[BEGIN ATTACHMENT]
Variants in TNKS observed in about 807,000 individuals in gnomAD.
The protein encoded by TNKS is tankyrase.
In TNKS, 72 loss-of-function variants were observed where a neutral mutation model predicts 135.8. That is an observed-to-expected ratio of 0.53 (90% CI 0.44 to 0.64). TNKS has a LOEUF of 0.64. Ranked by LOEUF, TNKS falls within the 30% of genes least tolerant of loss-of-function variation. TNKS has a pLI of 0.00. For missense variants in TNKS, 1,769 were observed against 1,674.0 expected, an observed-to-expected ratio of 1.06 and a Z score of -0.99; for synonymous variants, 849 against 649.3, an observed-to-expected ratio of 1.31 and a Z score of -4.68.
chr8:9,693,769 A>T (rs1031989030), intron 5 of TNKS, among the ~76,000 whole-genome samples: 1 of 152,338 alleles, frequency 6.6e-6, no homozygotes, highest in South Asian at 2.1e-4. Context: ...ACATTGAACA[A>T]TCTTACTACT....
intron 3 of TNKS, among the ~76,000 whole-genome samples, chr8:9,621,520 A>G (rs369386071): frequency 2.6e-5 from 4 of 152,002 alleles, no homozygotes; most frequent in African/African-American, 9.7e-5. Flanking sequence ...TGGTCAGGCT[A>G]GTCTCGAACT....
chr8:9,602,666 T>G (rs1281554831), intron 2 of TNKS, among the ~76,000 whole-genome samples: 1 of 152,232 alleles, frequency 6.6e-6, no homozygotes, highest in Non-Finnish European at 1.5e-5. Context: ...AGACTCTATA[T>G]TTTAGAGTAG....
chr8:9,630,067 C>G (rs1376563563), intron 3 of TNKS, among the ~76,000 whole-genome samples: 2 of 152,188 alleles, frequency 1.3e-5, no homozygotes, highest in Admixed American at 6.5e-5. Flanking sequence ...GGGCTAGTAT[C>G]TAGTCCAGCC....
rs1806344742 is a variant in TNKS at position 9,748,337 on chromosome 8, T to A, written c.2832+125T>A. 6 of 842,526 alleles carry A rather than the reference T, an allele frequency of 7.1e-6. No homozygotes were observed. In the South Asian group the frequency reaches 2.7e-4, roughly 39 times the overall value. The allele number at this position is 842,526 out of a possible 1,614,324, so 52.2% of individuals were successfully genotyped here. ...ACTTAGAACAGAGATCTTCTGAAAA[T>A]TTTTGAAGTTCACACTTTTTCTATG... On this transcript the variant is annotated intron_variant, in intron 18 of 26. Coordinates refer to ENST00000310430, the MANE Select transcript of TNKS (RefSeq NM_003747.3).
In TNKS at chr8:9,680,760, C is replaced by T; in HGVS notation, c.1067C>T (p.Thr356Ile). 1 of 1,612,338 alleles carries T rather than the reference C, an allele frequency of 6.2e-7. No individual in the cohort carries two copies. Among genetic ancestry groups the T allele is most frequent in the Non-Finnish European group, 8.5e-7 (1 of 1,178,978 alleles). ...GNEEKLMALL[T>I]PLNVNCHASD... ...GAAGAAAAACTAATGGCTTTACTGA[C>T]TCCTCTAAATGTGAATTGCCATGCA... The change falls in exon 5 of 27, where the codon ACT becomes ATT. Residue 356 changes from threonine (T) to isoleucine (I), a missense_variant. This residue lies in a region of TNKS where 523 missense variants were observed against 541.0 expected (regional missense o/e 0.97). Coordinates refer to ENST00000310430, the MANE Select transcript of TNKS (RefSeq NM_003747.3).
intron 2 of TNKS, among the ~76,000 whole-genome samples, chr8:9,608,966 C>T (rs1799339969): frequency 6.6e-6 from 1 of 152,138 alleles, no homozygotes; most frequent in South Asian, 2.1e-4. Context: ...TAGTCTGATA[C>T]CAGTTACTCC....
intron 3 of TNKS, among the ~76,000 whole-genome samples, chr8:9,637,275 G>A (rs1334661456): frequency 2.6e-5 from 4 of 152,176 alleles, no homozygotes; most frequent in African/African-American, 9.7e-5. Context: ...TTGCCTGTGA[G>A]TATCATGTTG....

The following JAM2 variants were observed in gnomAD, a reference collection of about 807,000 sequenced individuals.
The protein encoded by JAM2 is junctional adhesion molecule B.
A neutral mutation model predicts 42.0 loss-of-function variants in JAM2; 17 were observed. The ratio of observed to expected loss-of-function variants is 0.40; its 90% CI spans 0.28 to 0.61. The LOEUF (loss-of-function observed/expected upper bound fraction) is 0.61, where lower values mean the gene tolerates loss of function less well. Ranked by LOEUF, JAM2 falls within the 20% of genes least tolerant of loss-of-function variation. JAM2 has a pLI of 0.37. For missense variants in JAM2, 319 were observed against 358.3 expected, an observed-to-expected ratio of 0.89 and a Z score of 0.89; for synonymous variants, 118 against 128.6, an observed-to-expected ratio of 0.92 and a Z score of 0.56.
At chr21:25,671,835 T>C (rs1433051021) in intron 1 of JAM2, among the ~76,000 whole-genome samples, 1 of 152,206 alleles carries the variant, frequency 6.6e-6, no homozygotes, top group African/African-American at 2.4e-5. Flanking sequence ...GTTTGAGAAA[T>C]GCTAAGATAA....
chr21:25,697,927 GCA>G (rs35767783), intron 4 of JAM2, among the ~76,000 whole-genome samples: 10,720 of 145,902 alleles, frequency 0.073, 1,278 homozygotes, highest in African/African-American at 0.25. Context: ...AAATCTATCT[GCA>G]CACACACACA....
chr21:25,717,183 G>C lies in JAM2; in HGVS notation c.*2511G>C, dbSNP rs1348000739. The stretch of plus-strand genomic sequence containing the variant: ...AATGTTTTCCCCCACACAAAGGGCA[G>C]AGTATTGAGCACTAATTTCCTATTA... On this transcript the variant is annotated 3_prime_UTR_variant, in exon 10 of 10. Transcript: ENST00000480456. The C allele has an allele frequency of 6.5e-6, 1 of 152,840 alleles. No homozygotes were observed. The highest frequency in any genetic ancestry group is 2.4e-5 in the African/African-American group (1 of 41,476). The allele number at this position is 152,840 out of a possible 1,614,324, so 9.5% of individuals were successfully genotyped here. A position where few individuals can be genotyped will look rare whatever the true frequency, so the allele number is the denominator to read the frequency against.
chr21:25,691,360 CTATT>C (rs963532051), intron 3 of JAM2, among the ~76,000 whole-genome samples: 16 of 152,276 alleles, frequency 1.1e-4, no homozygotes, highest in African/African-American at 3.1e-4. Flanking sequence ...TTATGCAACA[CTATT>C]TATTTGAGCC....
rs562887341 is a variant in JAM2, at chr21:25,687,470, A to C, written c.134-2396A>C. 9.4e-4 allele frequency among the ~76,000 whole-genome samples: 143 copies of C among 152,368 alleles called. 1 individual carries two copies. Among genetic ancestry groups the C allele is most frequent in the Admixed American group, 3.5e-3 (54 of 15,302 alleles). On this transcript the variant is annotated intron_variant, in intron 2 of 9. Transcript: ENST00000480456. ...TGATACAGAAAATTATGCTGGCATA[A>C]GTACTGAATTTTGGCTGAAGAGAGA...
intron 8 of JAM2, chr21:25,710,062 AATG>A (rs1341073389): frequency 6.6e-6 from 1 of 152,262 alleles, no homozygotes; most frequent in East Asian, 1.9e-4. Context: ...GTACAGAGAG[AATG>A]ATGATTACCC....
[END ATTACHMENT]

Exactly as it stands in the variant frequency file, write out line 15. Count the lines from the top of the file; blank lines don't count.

At chr21:25,671,835 T>C (rs1433051021) in intron 1 of JAM2, among the ~76,000 whole-genome samples, 1 of 152,206 alleles carries the variant, frequency 6.6e-6, no homozygotes, top group African/African-American at 2.4e-5. Flanking sequence ...GTTTGAGAAA[T>C]GCTAAGATAA....